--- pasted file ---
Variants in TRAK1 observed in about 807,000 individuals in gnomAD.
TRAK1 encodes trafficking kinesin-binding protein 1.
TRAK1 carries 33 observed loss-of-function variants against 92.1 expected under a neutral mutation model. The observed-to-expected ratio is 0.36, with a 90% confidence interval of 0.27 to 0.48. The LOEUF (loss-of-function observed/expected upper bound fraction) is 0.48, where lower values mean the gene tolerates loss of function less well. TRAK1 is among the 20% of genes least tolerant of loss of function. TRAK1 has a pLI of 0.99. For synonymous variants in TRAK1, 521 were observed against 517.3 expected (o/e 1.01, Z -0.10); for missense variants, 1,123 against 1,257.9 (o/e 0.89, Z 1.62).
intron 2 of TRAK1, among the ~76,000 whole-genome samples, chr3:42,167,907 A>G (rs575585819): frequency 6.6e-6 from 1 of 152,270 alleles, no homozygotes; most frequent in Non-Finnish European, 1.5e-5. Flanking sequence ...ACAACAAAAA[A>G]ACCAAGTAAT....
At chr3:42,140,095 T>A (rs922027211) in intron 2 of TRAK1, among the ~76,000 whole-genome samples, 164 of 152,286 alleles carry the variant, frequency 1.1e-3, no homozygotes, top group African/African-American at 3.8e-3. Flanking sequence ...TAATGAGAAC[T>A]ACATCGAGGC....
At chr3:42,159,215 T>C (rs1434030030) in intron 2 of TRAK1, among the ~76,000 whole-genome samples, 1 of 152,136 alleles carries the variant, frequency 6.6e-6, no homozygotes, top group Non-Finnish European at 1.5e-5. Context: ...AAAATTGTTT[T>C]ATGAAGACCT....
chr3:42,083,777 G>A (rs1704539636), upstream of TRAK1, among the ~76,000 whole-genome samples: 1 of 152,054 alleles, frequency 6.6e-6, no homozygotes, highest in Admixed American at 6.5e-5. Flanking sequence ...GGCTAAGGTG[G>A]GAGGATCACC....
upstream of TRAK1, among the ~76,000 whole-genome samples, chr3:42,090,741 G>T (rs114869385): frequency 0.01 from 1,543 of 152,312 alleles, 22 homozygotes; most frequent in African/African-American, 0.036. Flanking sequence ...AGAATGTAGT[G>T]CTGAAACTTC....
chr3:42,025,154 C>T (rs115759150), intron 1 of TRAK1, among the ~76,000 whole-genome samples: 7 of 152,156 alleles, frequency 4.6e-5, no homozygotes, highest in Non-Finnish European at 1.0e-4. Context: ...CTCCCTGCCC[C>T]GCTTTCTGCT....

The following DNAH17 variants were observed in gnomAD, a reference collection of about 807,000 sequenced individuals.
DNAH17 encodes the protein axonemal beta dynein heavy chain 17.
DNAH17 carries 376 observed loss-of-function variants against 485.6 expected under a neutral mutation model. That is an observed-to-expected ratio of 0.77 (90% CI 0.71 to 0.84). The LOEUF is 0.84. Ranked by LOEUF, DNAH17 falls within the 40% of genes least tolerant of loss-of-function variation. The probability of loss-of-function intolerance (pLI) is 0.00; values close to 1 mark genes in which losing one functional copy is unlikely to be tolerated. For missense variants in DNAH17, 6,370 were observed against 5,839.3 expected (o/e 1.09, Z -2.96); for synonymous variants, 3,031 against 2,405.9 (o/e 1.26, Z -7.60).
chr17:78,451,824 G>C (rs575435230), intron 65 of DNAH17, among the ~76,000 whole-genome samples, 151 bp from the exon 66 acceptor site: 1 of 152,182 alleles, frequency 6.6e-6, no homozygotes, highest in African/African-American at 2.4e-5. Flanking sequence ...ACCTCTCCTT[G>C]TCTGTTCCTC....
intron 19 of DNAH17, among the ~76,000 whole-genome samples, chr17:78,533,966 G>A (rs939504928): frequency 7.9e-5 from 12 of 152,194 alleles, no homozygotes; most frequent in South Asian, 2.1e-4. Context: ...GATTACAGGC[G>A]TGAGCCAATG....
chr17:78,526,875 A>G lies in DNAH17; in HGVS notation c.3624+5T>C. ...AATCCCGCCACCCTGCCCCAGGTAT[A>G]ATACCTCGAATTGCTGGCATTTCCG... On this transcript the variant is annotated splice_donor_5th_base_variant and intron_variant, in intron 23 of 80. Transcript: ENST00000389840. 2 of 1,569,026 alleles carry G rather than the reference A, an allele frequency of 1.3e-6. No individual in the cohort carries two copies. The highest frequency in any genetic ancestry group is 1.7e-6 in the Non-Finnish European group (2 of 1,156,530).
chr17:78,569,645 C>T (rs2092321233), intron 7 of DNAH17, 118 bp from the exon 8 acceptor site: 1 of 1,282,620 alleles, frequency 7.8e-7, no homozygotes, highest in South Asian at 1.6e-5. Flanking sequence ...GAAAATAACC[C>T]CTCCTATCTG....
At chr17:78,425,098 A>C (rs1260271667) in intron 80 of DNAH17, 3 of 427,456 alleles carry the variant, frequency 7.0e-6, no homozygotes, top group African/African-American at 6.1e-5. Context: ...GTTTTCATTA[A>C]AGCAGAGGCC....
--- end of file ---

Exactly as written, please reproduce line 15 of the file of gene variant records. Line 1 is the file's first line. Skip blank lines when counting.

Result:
chr17:78,526,875 A>G lies in DNAH17; in HGVS notation c.3624+5T>C. ...AATCCCGCCACCCTGCCCCAGGTAT[A>G]ATACCTCGAATTGCTGGCATTTCCG... On this transcript the variant is annotated splice_donor_5th_base_variant and intron_variant, in intron 23 of 80. Transcript: ENST00000389840. 2 of 1,569,026 alleles carry G rather than the reference A, an allele frequency of 1.3e-6. No individual in the cohort carries two copies. The highest frequency in any genetic ancestry group is 1.7e-6 in the Non-Finnish European group (2 of 1,156,530).